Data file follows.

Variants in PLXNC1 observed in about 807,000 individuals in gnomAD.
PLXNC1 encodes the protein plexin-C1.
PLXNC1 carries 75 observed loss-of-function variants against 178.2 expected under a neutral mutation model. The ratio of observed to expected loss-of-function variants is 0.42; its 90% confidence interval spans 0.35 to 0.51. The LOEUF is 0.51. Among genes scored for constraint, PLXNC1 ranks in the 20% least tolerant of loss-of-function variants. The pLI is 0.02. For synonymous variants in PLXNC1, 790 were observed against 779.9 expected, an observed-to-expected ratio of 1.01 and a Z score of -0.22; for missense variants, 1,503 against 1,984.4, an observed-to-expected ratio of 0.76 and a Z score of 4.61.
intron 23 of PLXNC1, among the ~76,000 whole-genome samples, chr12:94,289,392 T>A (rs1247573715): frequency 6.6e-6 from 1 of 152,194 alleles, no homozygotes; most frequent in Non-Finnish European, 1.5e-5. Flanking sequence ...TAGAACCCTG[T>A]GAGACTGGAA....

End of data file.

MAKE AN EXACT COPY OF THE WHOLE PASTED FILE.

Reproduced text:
Variants in PLXNC1 observed in about 807,000 individuals in gnomAD.
PLXNC1 encodes the protein plexin-C1.
PLXNC1 carries 75 observed loss-of-function variants against 178.2 expected under a neutral mutation model. The ratio of observed to expected loss-of-function variants is 0.42; its 90% confidence interval spans 0.35 to 0.51. The LOEUF is 0.51. Among genes scored for constraint, PLXNC1 ranks in the 20% least tolerant of loss-of-function variants. The pLI is 0.02. For synonymous variants in PLXNC1, 790 were observed against 779.9 expected, an observed-to-expected ratio of 1.01 and a Z score of -0.22; for missense variants, 1,503 against 1,984.4, an observed-to-expected ratio of 0.76 and a Z score of 4.61.
intron 23 of PLXNC1, among the ~76,000 whole-genome samples, chr12:94,289,392 T>A (rs1247573715): frequency 6.6e-6 from 1 of 152,194 alleles, no homozygotes; most frequent in Non-Finnish European, 1.5e-5. Flanking sequence ...TAGAACCCTG[T>A]GAGACTGGAA....